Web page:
It wasn't until later that night, while in the tub, and my vision had returned, that I reviewed my day. I had learned a lot. Mostly, what not to do, no matter how much time you save. Informative though, how your eyes work, what technicians do to provide reference points on x-rays. I looked down and saw that the metal Bb's the technician had scotch taped to my nipples were still there.

Sunday, October 21, 2012

The Art of Delagation

I’m so very excited to have discovered some new opportunities for managers to design programs for unique ways to motivate employees to step up and take on more responsibility. I have to say, I believe this will be fabulous trend-setting methods and have no doubt they will earn me an award. 

I think other managers will begin to see the merit of my new procedures and follow suit. Of course, having an award-winning team will possibly cause team envy within the company. I will cross that bridge when I come to it.

I have wrestled with delegating duties for quite some time now. Often, the decision to delegate certain duties can have a company-wide impact on morale. To eliminate conflict, I thought I would get employees in sync with my ideas by starting each morning with a group chant, “Every day in every way, I think I’m such a prize. And that is why I’m here to work or at least to improvise.” I made that up myself and I have to say, it has done wonders for team spirit.

I needed to find someone within my department who is optimistic by nature, would anticipate when something unexpected could happen, and accept the fact that just because you are in charge doesn’t necessarily mean you are…in charge that is. Resilience is crucial and the best candidate must have a knack for setting realistic goals. In order to make the best selection, I had to create a robust testing procedure to choose the right person who would assume additional duties freeing me up to focus on the bigger picture.

I began with a simple ‘Facial Feedback’ study. I had my department line up, and one by one, I stood in front of each employee and smiled, then frowned, and finally produced the most hideous grimace I could. I have to say almost all employees mirrored the smiles and frowns. However, there were two that ran away screaming at the sight of the grimace. I shouted a threat that the boogeyman would be waiting for them by their car at the end of the day. Not only did they run faster but they were also eliminated from the pool of hopefuls.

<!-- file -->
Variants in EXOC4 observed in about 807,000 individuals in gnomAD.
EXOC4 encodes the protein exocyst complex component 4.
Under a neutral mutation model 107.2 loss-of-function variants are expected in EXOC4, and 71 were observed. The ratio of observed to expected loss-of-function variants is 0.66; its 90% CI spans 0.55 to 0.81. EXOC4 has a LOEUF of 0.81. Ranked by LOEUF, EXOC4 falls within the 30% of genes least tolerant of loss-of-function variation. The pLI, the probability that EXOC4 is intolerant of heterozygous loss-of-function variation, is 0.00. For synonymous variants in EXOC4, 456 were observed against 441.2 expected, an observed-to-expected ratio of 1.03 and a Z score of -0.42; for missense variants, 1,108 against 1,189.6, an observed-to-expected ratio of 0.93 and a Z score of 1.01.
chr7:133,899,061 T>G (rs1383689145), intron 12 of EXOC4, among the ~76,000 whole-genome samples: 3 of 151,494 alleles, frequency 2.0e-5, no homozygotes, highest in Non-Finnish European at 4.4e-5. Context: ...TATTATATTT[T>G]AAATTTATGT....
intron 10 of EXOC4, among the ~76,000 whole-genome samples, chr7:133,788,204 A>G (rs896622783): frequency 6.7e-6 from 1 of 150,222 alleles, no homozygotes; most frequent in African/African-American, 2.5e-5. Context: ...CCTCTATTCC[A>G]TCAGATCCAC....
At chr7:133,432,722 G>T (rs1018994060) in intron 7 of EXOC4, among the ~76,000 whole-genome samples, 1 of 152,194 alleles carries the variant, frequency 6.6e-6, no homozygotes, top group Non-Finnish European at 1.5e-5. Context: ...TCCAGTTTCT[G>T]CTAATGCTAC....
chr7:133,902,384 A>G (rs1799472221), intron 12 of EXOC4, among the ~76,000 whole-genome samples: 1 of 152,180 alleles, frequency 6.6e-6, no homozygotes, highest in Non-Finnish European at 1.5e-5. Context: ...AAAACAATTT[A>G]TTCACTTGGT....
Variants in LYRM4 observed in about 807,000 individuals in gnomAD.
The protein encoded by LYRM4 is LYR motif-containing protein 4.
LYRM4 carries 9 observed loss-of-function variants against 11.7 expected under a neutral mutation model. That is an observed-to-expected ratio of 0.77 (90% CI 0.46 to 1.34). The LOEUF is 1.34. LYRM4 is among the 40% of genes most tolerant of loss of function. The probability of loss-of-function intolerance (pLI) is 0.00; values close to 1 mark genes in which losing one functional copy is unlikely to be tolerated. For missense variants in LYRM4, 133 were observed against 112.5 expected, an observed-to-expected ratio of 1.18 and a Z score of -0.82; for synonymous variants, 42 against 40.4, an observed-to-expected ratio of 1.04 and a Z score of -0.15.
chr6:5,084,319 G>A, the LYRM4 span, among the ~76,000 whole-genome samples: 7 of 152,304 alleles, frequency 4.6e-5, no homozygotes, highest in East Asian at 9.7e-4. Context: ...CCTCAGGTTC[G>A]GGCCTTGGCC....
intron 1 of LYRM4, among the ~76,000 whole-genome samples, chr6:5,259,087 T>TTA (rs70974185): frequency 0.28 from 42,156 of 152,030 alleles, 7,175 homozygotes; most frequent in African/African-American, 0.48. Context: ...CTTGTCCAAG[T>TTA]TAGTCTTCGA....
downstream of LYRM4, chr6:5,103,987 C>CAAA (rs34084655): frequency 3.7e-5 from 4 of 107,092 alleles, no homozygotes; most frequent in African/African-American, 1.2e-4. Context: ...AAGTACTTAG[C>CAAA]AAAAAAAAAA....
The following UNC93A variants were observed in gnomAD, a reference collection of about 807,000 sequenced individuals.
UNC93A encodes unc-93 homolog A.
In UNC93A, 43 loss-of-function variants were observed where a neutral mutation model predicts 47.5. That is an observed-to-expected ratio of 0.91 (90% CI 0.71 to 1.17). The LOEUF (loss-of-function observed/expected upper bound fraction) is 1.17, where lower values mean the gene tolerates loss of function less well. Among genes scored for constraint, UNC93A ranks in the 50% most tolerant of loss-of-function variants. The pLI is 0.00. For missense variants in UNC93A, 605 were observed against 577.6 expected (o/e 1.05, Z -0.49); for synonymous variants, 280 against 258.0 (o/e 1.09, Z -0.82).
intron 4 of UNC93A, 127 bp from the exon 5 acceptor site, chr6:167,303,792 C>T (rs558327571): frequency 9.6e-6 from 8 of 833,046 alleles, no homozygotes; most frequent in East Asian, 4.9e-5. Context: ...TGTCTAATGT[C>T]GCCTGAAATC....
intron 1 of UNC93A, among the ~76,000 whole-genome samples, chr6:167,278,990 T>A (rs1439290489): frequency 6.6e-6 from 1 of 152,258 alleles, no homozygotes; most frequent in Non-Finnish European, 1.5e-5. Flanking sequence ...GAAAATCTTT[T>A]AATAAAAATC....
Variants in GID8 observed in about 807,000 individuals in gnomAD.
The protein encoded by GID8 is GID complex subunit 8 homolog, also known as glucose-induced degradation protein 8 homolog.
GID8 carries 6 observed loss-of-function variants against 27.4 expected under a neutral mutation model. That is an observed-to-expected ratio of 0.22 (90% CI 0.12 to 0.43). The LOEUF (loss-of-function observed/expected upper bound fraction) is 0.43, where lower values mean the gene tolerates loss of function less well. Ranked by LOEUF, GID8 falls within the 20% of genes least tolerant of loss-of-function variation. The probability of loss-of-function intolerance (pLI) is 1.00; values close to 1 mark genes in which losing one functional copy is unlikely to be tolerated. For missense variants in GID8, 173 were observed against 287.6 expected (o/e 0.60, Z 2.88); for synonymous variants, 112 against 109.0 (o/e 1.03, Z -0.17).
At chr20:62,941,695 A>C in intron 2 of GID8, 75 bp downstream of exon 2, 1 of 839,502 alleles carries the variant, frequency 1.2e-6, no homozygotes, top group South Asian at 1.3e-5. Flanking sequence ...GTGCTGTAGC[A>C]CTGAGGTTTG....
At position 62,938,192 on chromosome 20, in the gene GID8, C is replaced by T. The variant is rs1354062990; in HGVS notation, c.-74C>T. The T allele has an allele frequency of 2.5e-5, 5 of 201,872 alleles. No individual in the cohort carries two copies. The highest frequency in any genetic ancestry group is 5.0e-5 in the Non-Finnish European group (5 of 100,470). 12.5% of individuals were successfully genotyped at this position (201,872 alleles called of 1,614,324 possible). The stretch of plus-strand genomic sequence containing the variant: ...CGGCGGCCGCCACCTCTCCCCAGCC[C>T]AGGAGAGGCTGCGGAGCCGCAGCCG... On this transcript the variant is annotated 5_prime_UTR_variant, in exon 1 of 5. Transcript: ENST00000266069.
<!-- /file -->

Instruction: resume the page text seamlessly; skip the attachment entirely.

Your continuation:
The narrowing down process had begun. Next, during the work day, I snuck up behind each of the employees and surprised them by blowing an air horn behind their head. There were only three who did not jump high enough to have both feet off the ground at the same time. I decided I would be able to delegate duties to one of these three employees, two women and one man... my finalists.

The last thing I did with a magic marker is draw a six foot by six foot box on the floor of the lunch room and request that the three competitors stand in it. I asked them mathematical questions such as what is twelve, minus one? And what is eight divided by two? History questions included when was the war of 1812? And who was the Lincoln memorial named after? Clearly, they all were equally qualified. Their answers were correct, that is, until I asked them to step across the line. They gave me blank stares when I asked them to explain the corpuscular theory of light. They were stumped when I inquired about their knowledge of the origins of Greek mathematics. I felt frustration begin to set in. Clearly, none of them could think outside of the box.

I have decided to abstain from delegating any of my duties for the time being. At least until I find a more suitable aspirant.  Until then, we will continue our morning chant, “Every day in every way, I think I’m such a prize. And that is why I’m here to work or at least to improvise.”

Saturday, October 6, 2012

Writing on The Edge of the Bed